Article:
Farmer Draft

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DRAFT EXEMPTION PLEAS GOME IN BY THE SCORES Many Pathetic Appeals Reach Governor Capper. However, He Is Powerless to Act, as Matter Rests With District Boards. Scores of letters are coming to Governor Governor Capper from mothers and wives of young: men drafted for service In the army pleading: with him to help them in securing- securing- exemption. These appeals, appeals, many of them, are pathetic, and eome are based on sound justice and reason and should have consideration from the local and appeal boards. Governor Capper, however. Is powerless powerless to aid those seeking exemption. The whole matter rests with the boards. The county boards consider only the physical condition and fitness of the drafted men, while the two district, or appeal boards, consider the industrial reasons set up by those who seek exemption. exemption. The governor in no way can Interfere or Influence the boards In the performance of their duty. Case Need Consideration. "There are cases which should have serious consideration by the two district district boards," Governor Capper said yesterday. "Take, for example, a young man with a wife and children who is a renter. It would be manifestly unfair unfair to send him to the front and leave his wife and children without support. This class of our young men are needed at home, whether they are located on farms, or are wage earners." Probably the most pathetic letter in Governor Capper's mail yesterday came from Mrs. A. G. Schenck.of Altamont. Mr. and Mrs. Schenck have two sons their only support and both boys have been drawn In the draft. "If there is any way under" God's green earth to exempt them, I pray you will do so," the letter says. "Each of the boys are married and one has two little children. Their father says If they take his boys he has nothing to work for, as those boys are exceptions and are needed on the farm." The Farmers Are Excited. Mrs. J. I Montgomery, of Oswego, tells of this case in' Labette county: "We have a neighbor, a life experienced farmer one of the best. He is the only son and only help of an Infirm father and mother who are not able to do any hard work on the farm. Also he has a delicate wife, all depending upon him to control affairs on a 200-acre 200-acre 200-acre farm. Now I would ask If it is Just to his family or his community or his country to draft this young man into military service. The farmers and their families in this vicinity are simply wild over the situation." E. A. Rubaw, writing from Scranton, eays that men employed on farms should be exempted and those who loaf about pool halls in towns and cities sent to the front. Clarence E. Cross, a young farmer of Edwards county, writes that he has the ground prepared to sow 240 acres of wheat, has purchased a silo and has blocked out for the summer and fall more work than he can do. If he is not exempted he will have to leave all this and a wife without any means of support. But the farmers' side of the question Is not the only one. There are other cases In the towns and cities of Kansas Kansas Just as urgent and deserving of consideration. Take the case of Ed J. Rogers, a young clothing merchant at Phllllpsburg. for example. He writes this letter to Governor Capper: Invested All His Money. "About three months ago I Invested every dollar I had in the clothing business business here. I also borrowed a few thousand thousand dollars and Invested that. I am 27 years old and unmarried and my draft number was one of the first drawn for Phillips county. "I feel It my duty to respond to the call, and If I were free I would not try for discharge on any grounds. My bankers and the local examining board advise ms to state the case to you. 1 can find nothing in the regulations that pertain to cases of this kind and ask you to please advise me what to do. "I have $4,000 or $5,000 worth of goods bought that will begin coming in the near future. If I am to continue business business I want them to come along. If I am forced to close out I "will sacrifice enough of my present stock without having more to dispose of." Mr Rogers does not set up a claim for exemption, except his case, as he states It, would warrant the board in leaving him at. home to conduct his business and save him from heavy financial loss. In closing his letter to the governor he said: "Tour fair Judgment Judgment and advice is all I ask. In he the of for in his In I In ad in to an i ,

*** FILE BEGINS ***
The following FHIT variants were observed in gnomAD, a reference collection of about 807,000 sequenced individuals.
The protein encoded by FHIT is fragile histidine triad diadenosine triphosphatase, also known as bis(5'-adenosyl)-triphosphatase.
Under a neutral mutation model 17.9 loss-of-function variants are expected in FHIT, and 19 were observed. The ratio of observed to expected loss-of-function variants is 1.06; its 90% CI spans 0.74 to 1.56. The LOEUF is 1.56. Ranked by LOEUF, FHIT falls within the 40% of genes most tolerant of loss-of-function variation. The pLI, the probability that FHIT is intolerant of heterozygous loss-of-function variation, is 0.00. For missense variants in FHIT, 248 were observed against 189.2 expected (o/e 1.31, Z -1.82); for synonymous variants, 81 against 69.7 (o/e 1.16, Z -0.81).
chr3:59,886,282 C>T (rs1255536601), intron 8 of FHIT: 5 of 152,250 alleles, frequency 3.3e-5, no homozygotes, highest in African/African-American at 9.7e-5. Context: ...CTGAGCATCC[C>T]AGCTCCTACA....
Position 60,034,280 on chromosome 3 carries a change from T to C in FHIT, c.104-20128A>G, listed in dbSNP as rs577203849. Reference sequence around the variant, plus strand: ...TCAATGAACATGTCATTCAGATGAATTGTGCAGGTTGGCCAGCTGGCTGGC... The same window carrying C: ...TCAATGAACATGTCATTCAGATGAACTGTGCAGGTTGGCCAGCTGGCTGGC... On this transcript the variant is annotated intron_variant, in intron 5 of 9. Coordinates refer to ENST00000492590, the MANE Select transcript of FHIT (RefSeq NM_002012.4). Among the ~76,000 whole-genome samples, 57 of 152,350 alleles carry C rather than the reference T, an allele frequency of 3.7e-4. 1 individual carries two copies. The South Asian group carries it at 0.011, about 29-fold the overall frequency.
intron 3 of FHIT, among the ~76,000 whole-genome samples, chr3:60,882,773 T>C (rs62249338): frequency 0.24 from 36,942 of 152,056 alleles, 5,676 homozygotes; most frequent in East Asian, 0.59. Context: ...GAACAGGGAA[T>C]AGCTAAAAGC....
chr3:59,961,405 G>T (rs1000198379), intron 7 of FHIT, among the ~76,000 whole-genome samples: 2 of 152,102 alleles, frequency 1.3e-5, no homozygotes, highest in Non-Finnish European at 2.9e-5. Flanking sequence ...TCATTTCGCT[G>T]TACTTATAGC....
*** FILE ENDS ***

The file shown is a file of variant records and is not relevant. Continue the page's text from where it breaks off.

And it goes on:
Clipped from The Topeka Daily Capital27 Jul 1917, FriPage 5

The Topeka Daily Capital (Topeka, Kansas)27 Jul 1917, FriPage 5
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